Nine recruits for the Rapid City Police Department were officially sworn in as officers on the second floor of the Public Safety Building in downtown Rapid City on Wednesday afternoon in a short ceremony attended by family, friends and officers.
The make-up of the new class of officers — with three women, one a Native American — will help diversify the local police force that is mostly made up of white men.
Rapid City Police Chief Karl Jegeris, speaking to a packed room, said the recruits will remain in Rapid City for in-house training until March, when they will travel to Pierre for a 13-week state police academy. Afterward, they will return to Rapid City and spend several months alongside experienced officers.
“By next summer, the public should see these bright faces on our roads,” Jegeris said.
The Rapid City Police Department has made efforts in recent months to attract women and Native Americans to join the department.
In October, a police-community advisory committee was tasked with organizing focus group meetings comprised of Native Americans interested in law enforcement to better represent minorities in law enforcement.
Furthermore, police officials attended an expo last year held by Zonta, an international women's organization with the stated goal of "empowering women worldwide through service and advocacy."
Including the newly sworn in officers, there are now 123 officers in the Rapid City Police Department, eight of them female and four Native Americans. Jegeris promised more initiatives in 2017 to increase those numbers.
“We’re going to continue our recruitment efforts to diversify our department,” Jegeris said. “We plan to roll out a completely new type of recruitment strategy, something that we’ve never done before.”
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Freshly minted Officer Santee Clemons, who was born on the Rosebud Reservation but grew up in Rapid City, was one of three women sworn in and the only Native American. She said she had been dreaming of this day since she was 14.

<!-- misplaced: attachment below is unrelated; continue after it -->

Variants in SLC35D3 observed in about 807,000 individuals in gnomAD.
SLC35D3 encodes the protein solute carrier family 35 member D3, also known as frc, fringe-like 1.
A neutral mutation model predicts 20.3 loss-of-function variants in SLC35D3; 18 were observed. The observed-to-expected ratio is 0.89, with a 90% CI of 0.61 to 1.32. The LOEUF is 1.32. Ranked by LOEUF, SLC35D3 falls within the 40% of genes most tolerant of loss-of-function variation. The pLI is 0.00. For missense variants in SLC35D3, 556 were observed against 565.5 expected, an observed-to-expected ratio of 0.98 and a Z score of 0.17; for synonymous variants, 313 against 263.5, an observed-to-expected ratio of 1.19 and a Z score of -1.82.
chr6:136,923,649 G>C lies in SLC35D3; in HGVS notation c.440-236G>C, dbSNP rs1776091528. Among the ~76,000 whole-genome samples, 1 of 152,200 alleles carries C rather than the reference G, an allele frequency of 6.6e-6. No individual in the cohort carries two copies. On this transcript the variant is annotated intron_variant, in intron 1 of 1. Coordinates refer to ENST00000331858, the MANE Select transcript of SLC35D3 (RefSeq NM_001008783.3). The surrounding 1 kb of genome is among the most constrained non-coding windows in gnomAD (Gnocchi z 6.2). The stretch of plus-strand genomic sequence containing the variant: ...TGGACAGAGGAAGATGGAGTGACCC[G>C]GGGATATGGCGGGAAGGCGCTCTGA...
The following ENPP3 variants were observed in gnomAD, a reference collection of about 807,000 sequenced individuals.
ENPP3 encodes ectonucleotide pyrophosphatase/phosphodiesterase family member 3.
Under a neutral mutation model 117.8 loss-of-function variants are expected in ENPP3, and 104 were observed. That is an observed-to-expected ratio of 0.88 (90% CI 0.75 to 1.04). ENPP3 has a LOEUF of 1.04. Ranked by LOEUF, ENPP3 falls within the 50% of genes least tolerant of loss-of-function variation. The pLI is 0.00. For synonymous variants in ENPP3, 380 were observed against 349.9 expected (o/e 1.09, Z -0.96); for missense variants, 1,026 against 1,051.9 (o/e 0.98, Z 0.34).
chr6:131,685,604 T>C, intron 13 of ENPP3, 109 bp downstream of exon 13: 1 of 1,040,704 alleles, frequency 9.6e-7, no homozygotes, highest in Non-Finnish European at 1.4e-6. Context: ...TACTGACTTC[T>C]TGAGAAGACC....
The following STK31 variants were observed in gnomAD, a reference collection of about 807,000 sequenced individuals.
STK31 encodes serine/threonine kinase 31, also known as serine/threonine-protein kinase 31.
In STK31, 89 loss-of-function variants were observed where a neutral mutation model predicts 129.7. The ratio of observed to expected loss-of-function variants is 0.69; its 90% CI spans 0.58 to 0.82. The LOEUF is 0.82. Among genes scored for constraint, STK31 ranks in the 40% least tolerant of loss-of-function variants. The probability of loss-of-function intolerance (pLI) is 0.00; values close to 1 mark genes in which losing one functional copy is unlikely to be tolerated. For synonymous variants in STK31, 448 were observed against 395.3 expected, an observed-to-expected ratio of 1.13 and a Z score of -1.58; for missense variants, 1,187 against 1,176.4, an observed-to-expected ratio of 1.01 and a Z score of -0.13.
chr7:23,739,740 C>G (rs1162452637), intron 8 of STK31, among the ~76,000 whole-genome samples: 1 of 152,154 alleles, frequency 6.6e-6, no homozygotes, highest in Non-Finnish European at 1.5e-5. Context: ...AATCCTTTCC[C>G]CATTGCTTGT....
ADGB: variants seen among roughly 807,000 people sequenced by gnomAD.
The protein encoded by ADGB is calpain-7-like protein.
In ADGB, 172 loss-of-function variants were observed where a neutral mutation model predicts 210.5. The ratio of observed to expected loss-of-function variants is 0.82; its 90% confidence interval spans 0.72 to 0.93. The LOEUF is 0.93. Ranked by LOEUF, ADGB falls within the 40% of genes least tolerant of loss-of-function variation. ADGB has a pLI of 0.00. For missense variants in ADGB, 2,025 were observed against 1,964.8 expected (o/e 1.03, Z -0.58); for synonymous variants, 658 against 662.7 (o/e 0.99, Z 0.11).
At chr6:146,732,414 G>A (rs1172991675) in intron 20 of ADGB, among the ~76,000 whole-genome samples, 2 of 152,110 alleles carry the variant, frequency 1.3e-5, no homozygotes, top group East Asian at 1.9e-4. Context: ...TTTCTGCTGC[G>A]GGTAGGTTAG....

“It’s very relieving and exciting, a little bit nerve-wracking, going to the academy, but I’m more excited than anything,” Clemons said.
She said one of her goals is to serve as a source of inspiration for other women and Native Americans.
“I want to represent the Native community in a positive way and to also help them see that they can do this job and still be involved with the culture and the community and be a police officer,” Clemons said.
Bethany Coats said she took an interest in becoming a police officer after working as a correctional officer with the Pennington County Sheriff’s Office. Now, she hopes to have an even larger impact.
Coats said she didn’t think diversity in the department was as large an issue as others have made it out to be.
“I don’t think that is so important because regardless of nationality, I think it’s just important no matter what color you are as a police officer, (that) you have a positive interaction with everyone you work with,” Coats said.
Recruit Austin Stanek said he always looked up to law enforcement officers as a child, and is excited to be joining their ranks.
“I’m nervous, but more so I’m very excited to get the process going,” Stanek said of further training. “I know it’s going to be challenging, but I know it’s something that everybody goes through, and you’re going to have the people in your class to lean back on.”